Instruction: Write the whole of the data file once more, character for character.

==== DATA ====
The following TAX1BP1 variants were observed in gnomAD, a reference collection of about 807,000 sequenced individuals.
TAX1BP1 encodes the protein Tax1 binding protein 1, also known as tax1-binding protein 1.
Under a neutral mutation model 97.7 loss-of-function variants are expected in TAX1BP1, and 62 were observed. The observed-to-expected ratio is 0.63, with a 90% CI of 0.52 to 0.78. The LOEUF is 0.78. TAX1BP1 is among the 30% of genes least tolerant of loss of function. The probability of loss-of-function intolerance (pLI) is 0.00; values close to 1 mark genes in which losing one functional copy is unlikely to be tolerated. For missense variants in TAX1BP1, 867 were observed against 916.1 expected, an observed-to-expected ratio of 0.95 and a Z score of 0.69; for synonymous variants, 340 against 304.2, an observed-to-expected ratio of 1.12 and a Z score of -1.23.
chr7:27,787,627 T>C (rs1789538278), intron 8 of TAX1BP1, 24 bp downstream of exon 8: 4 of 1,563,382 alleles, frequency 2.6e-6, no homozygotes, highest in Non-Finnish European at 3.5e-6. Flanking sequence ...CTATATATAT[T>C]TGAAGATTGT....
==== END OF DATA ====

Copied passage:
The following TAX1BP1 variants were observed in gnomAD, a reference collection of about 807,000 sequenced individuals.
TAX1BP1 encodes the protein Tax1 binding protein 1, also known as tax1-binding protein 1.
Under a neutral mutation model 97.7 loss-of-function variants are expected in TAX1BP1, and 62 were observed. The observed-to-expected ratio is 0.63, with a 90% CI of 0.52 to 0.78. The LOEUF is 0.78. TAX1BP1 is among the 30% of genes least tolerant of loss of function. The probability of loss-of-function intolerance (pLI) is 0.00; values close to 1 mark genes in which losing one functional copy is unlikely to be tolerated. For missense variants in TAX1BP1, 867 were observed against 916.1 expected, an observed-to-expected ratio of 0.95 and a Z score of 0.69; for synonymous variants, 340 against 304.2, an observed-to-expected ratio of 1.12 and a Z score of -1.23.
chr7:27,787,627 T>C (rs1789538278), intron 8 of TAX1BP1, 24 bp downstream of exon 8: 4 of 1,563,382 alleles, frequency 2.6e-6, no homozygotes, highest in Non-Finnish European at 3.5e-6. Flanking sequence ...CTATATATAT[T>C]TGAAGATTGT....